I’m indebted for the name of this blog to Alan Bruce Zee, a west-coast photographer whose 1995 photo print “Waiting for the Believers” hangs in our home [note: you can order prints of the photo at the above link].

This is what Alan writes about his photo:

This 13th century fortified Augustinian church was situated in a tiny village in the Dordogne region of southern France. As we approached the church, we noticed that a field was being burned outside the gates. When we entered, the early afternoon light was pouring in, illuminating the particulate matter in the air. The combination of the beam of light, the height and warmth of the stone walls, the worn, “soft” look of the stone floors and hundreds of old chairs set up in a totally empty church in a village of not more than 100 people, made for a setting ripe with a sense of spirit.

The “Waiting for the Believers” title came to me before I even started to photograph. It was as if the chairs were showing their patience. At one time, this was a burgeoning town and the site of an abbey, so the chairs were certainly filled. Humankind and individuals alike go through cycles of belief and non-belief, but the structure is always there, waiting patiently for the “believers” and “belief” to return. I knew this was a place and an image to which I felt a strong connection and wanted to make a solid attempt at trying to convey that feeling photographically. This was the first of several different images I took in the church and the one that says it best for me. It is a very difficult image to print, requiring 7 different exposures to selectively bring out different areas of the image and to keep the eye moving through the photograph.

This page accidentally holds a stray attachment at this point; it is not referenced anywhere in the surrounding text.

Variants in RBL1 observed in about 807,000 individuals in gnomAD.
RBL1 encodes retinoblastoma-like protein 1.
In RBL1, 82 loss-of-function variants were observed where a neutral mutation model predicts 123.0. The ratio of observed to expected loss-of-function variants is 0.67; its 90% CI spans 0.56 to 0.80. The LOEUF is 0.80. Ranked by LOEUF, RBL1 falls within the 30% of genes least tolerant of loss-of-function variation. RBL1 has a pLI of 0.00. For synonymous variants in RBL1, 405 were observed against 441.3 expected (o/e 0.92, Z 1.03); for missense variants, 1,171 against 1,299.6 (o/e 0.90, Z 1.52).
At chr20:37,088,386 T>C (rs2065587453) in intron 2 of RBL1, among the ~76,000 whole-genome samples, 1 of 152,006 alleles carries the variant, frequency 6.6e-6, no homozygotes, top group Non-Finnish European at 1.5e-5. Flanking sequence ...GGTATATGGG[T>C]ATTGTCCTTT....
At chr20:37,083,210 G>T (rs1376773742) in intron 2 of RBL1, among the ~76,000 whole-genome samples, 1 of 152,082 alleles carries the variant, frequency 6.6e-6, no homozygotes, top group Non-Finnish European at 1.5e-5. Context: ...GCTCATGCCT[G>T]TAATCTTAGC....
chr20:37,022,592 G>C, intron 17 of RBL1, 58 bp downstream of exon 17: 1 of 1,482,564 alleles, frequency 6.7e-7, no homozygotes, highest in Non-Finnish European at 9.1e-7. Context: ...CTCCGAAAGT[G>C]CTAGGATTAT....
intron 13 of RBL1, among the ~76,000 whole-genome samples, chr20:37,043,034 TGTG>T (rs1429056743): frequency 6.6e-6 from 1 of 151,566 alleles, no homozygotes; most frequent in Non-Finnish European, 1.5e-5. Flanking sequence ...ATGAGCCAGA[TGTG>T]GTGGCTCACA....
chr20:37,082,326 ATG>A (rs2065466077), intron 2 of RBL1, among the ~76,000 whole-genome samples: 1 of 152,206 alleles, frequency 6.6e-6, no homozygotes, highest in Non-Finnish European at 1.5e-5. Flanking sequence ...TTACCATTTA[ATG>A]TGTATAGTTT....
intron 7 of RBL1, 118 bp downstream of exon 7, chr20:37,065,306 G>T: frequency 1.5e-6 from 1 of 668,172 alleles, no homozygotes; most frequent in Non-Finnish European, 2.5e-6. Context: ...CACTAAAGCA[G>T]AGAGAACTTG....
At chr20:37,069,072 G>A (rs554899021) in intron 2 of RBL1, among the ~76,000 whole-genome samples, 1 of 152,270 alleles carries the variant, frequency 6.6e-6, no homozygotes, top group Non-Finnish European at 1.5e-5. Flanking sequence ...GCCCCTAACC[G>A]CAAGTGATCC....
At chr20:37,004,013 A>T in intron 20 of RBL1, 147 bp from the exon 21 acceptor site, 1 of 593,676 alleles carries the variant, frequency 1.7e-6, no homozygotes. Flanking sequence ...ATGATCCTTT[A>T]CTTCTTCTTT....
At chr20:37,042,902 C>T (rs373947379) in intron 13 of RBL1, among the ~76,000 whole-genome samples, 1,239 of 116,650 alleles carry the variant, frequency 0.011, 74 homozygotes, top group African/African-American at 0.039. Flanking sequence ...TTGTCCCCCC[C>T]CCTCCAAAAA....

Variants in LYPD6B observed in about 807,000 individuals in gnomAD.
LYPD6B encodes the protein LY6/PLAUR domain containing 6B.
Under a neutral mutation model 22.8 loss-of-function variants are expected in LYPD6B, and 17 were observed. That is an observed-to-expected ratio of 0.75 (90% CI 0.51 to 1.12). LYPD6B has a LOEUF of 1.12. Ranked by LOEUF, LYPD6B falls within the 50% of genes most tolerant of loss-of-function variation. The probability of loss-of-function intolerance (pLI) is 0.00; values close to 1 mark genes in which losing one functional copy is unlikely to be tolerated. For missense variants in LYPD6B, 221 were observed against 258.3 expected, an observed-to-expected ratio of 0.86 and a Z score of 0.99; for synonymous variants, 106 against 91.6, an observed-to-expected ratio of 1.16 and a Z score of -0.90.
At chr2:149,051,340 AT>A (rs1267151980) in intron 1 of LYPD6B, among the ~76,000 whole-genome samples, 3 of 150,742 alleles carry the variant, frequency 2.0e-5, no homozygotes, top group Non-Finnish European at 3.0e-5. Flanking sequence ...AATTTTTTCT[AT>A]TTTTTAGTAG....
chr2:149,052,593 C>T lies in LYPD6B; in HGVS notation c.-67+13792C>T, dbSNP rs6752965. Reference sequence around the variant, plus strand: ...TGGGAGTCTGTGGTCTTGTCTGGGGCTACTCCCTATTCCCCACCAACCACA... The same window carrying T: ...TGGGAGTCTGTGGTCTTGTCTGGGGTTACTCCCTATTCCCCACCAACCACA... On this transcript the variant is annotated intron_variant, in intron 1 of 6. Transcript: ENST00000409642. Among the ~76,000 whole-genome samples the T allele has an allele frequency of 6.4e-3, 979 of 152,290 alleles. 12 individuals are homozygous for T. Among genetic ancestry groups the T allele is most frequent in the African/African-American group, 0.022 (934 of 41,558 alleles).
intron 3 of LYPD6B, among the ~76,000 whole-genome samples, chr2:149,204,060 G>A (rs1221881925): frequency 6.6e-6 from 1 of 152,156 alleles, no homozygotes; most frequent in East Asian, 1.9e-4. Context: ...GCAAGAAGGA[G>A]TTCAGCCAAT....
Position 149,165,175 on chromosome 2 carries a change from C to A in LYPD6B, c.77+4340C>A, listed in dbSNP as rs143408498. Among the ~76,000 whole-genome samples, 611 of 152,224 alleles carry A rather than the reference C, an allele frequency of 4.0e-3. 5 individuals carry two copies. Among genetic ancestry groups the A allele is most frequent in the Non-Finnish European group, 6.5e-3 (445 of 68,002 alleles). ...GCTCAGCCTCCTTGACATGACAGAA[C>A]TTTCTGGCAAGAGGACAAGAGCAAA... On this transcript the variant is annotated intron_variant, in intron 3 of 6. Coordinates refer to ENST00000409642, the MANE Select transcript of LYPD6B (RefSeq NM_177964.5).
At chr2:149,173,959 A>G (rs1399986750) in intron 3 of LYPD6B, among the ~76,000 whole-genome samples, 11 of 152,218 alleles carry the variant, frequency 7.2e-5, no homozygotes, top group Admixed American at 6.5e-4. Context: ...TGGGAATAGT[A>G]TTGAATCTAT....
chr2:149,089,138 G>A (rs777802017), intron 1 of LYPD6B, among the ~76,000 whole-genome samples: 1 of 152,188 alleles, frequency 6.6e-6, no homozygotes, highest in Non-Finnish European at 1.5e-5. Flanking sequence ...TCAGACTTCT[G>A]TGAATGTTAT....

This piece is truly about “light” and “the light” in its broadest and deepest sense.

I too resonate with what Alan is trying to get at around the importance of space and place, the cycles of belief and unbelief (personally and collectively) and with the general feeling of his amazing photograph of both beauty and loss.  It reminds me of pilgrimages I’ve made to West Africa, Ireland, Scotland, and even the crumbling farmhouses in my home of Southern Ontario.

There’s something beautiful about waiting. [ Of course being sent out and taking action is also important!  How am I called to live that cycle of action and contemplation rooted in the Triune God? ]…

Perhaps I can be like one of those chairs showing patience.  Maybe I’m the observer catching a ray of the sun.  Maybe I’m a cold pilgrim longing to feel the warmth of one of those ancient stones.   As a writer, I hope I might be all of these, as we all try and understand what it means to wait and to be sent – to ultimately ‘re-member’ what has been lost and gained.

– Rob